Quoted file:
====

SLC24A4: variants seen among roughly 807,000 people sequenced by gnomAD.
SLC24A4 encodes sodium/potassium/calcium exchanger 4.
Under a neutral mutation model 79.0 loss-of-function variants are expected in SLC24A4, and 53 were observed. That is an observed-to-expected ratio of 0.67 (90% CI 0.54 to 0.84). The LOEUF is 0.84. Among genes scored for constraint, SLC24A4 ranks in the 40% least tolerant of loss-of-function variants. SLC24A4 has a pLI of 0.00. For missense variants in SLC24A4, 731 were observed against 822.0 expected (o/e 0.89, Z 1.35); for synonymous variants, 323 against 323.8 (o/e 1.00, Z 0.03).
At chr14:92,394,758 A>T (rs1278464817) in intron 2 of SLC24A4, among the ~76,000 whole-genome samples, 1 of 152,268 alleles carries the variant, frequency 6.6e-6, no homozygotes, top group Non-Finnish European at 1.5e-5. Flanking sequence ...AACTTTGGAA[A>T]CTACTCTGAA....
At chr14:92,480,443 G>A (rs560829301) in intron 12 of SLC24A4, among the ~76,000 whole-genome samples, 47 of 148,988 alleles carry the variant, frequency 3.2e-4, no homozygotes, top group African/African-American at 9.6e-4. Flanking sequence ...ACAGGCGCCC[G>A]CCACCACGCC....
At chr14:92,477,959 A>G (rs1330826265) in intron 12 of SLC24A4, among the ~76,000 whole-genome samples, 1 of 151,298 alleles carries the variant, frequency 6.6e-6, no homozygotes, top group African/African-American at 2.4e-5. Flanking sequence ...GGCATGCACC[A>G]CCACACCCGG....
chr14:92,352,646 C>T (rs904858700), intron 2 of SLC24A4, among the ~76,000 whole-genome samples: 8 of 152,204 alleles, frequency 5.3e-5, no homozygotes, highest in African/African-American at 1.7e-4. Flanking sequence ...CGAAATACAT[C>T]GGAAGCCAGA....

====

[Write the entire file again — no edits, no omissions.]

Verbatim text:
SLC24A4: variants seen among roughly 807,000 people sequenced by gnomAD.
SLC24A4 encodes sodium/potassium/calcium exchanger 4.
Under a neutral mutation model 79.0 loss-of-function variants are expected in SLC24A4, and 53 were observed. That is an observed-to-expected ratio of 0.67 (90% CI 0.54 to 0.84). The LOEUF is 0.84. Among genes scored for constraint, SLC24A4 ranks in the 40% least tolerant of loss-of-function variants. SLC24A4 has a pLI of 0.00. For missense variants in SLC24A4, 731 were observed against 822.0 expected (o/e 0.89, Z 1.35); for synonymous variants, 323 against 323.8 (o/e 1.00, Z 0.03).
At chr14:92,394,758 A>T (rs1278464817) in intron 2 of SLC24A4, among the ~76,000 whole-genome samples, 1 of 152,268 alleles carries the variant, frequency 6.6e-6, no homozygotes, top group Non-Finnish European at 1.5e-5. Flanking sequence ...AACTTTGGAA[A>T]CTACTCTGAA....
At chr14:92,480,443 G>A (rs560829301) in intron 12 of SLC24A4, among the ~76,000 whole-genome samples, 47 of 148,988 alleles carry the variant, frequency 3.2e-4, no homozygotes, top group African/African-American at 9.6e-4. Flanking sequence ...ACAGGCGCCC[G>A]CCACCACGCC....
At chr14:92,477,959 A>G (rs1330826265) in intron 12 of SLC24A4, among the ~76,000 whole-genome samples, 1 of 151,298 alleles carries the variant, frequency 6.6e-6, no homozygotes, top group African/African-American at 2.4e-5. Flanking sequence ...GGCATGCACC[A>G]CCACACCCGG....
chr14:92,352,646 C>T (rs904858700), intron 2 of SLC24A4, among the ~76,000 whole-genome samples: 8 of 152,204 alleles, frequency 5.3e-5, no homozygotes, highest in African/African-American at 1.7e-4. Flanking sequence ...CGAAATACAT[C>T]GGAAGCCAGA....